Compare the extensive reach and the easy availability of this avantgarde peer-reviewed e-book publication to the dwindling readership of the pay-based printed journals still being churned out in the legal field and in other academic disciplines, as if the internet did not exist.
We especially grate at an outfit called JSTOR, which, inter alia, often licenses – for an exorbitant fee – grant-financed or tax-financed articles, often derived from research conducted at donor-supported tax-funded institutions, and often written by employees (profs, researchers) who monthly cash in their substantial tax-funded and/or donor-enabled salary checks. In the end, the footer of the bill, the taxpayer, grantor or donor, is asked to cough up even more cash to read the actual results of what he has financed, or – as in the typical case of the archives of the Stanford Law Review of our alma mater law school – we find that JSTOR informs us to our amazement as follows:
“The material you requested is included in JSTOR, an online journal archive made available to researchers through participating libraries and institutions. The publisher of this journal has not yet elected to make single articles available for purchase via the Publisher Sales Service, a publisher opt-in service facilitated by JSTOR.
Authorized users may be required to log in via their library website. For more information about obtaining the complete article, please see Access Options. The citation and first page are available below.“
Jessica Shepherd in her February 13, 2007 article in The Guardian, Pressure is growing for academic publishers to put the fruits of publicly funded labour on the web, quotes Robert Kiley of the Wellcome Trust, the world’s largest medical research charity, on the above issue as follows:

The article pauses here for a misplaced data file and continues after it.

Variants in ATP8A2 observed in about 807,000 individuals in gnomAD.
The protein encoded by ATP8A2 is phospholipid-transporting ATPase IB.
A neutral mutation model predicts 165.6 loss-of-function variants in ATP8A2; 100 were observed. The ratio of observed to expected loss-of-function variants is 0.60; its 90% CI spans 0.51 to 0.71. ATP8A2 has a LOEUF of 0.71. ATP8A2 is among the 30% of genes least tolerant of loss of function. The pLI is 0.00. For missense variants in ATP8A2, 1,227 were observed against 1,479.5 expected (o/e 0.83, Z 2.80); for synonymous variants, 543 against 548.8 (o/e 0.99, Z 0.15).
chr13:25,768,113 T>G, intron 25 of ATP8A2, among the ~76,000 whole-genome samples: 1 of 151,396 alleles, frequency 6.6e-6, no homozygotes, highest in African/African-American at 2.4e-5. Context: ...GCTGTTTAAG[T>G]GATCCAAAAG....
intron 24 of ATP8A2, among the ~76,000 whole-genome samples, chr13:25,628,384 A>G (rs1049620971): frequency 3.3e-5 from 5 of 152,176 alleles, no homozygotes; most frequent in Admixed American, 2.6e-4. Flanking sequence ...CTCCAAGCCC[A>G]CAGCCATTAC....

“We believe that the dissemination of research is just part of the research process. We give an academic a grant and pay for their time, accommodation and test-tubes. It seems strange, then, that after a year or two, the outcome is an article which the academic gives to a publisher and which we then have to buy back.“
Shepherd writes further:
“Ian Gibson, chairman of the science and technology select committee, says…. “Academics have got to start engaging with the world, not just 12 or 13 other people interested in their field.“
If at our earthly location someone wants to read an article such as Mason Ladd’s review of Basic Problems of Evidence by Edmund M. Morgan, Stanford Law Review, Vol. 7, No. 2 (Mar., 1955), pp. 312-314, doi:10.2307/1226401, they are simply out of luck unless they happen to be or become a paid subscriber to that particular journal (and even this will not help for back issues no longer available) or unless they are willing to go to great pains in terms of time and expense to locate that particular journal issue in some distant library.
Let’s see. Log in to the internet to find out which library in your vicinity – IF ANY – subscribes to the journal – WorldCat might be a starting place, but this is a difficult task if you have ever tried it. If you live in a more suburban or rural location, drive for perhaps several hours to the next big city with a university-size library, spend another good part of an hour finding a parking space in a crowded college or similar environment, take another half hour at the library to access card or digital catalogues etc., presuming that access is not limited to a chosen few and does not require a library or other entitlement card obtainable (if at all) only after weeks of waiting. Take another part of an hour to figure out how the that library’s card catalogue works and if the required journal is available digitally, on microfilm, in the stacks or in the reading room or whether it is totally inaccessible as “loaned out” to someone else.